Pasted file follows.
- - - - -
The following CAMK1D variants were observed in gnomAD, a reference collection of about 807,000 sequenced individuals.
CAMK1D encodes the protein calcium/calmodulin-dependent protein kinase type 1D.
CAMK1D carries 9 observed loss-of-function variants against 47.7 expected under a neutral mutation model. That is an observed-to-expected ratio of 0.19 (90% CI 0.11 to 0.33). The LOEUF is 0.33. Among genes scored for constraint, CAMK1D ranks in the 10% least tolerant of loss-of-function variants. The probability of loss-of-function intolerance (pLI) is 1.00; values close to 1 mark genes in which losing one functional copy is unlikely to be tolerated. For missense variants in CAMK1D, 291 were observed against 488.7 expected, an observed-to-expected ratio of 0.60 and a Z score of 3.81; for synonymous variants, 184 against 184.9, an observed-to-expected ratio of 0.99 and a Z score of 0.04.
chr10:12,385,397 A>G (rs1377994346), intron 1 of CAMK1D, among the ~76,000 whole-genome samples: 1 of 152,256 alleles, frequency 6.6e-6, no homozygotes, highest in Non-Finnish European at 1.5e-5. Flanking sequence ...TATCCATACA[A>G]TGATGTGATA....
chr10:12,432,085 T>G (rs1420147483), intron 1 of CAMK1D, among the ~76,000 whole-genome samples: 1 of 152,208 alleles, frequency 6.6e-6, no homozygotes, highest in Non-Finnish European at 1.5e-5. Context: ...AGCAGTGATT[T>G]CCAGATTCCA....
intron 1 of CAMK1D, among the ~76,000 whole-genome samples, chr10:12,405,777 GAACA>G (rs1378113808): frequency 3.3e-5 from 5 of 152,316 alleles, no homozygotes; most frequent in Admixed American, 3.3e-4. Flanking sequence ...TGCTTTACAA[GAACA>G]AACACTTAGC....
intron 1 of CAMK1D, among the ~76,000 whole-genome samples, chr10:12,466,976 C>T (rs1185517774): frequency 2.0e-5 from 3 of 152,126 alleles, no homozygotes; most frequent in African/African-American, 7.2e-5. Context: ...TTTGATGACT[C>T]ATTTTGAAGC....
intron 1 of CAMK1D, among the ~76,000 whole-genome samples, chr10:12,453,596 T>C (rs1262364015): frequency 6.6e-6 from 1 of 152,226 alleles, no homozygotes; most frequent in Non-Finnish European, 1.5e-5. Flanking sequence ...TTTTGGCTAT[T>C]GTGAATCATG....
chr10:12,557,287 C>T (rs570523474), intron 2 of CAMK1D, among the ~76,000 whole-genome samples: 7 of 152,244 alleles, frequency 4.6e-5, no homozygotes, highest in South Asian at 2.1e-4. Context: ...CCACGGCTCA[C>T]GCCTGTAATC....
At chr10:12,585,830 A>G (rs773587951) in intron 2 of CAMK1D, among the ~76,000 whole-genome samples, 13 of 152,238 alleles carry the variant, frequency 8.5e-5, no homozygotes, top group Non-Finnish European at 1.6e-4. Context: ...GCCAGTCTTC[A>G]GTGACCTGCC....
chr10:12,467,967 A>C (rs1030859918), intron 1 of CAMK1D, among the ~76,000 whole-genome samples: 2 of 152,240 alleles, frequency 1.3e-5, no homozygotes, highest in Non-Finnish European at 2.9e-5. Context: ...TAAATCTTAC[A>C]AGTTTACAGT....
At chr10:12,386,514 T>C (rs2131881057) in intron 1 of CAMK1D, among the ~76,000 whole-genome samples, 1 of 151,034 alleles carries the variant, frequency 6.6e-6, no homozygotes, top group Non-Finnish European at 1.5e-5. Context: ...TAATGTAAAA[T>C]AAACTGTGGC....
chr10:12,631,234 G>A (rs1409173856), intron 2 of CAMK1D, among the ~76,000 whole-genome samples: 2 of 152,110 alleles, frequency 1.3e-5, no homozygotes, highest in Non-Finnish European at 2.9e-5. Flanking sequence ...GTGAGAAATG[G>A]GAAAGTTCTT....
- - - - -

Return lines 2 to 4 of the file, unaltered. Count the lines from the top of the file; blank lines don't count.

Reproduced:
CAMK1D encodes the protein calcium/calmodulin-dependent protein kinase type 1D.
CAMK1D carries 9 observed loss-of-function variants against 47.7 expected under a neutral mutation model. That is an observed-to-expected ratio of 0.19 (90% CI 0.11 to 0.33). The LOEUF is 0.33. Among genes scored for constraint, CAMK1D ranks in the 10% least tolerant of loss-of-function variants. The probability of loss-of-function intolerance (pLI) is 1.00; values close to 1 mark genes in which losing one functional copy is unlikely to be tolerated. For missense variants in CAMK1D, 291 were observed against 488.7 expected, an observed-to-expected ratio of 0.60 and a Z score of 3.81; for synonymous variants, 184 against 184.9, an observed-to-expected ratio of 0.99 and a Z score of 0.04.
chr10:12,385,397 A>G (rs1377994346), intron 1 of CAMK1D, among the ~76,000 whole-genome samples: 1 of 152,256 alleles, frequency 6.6e-6, no homozygotes, highest in Non-Finnish European at 1.5e-5. Flanking sequence ...TATCCATACA[A>G]TGATGTGATA....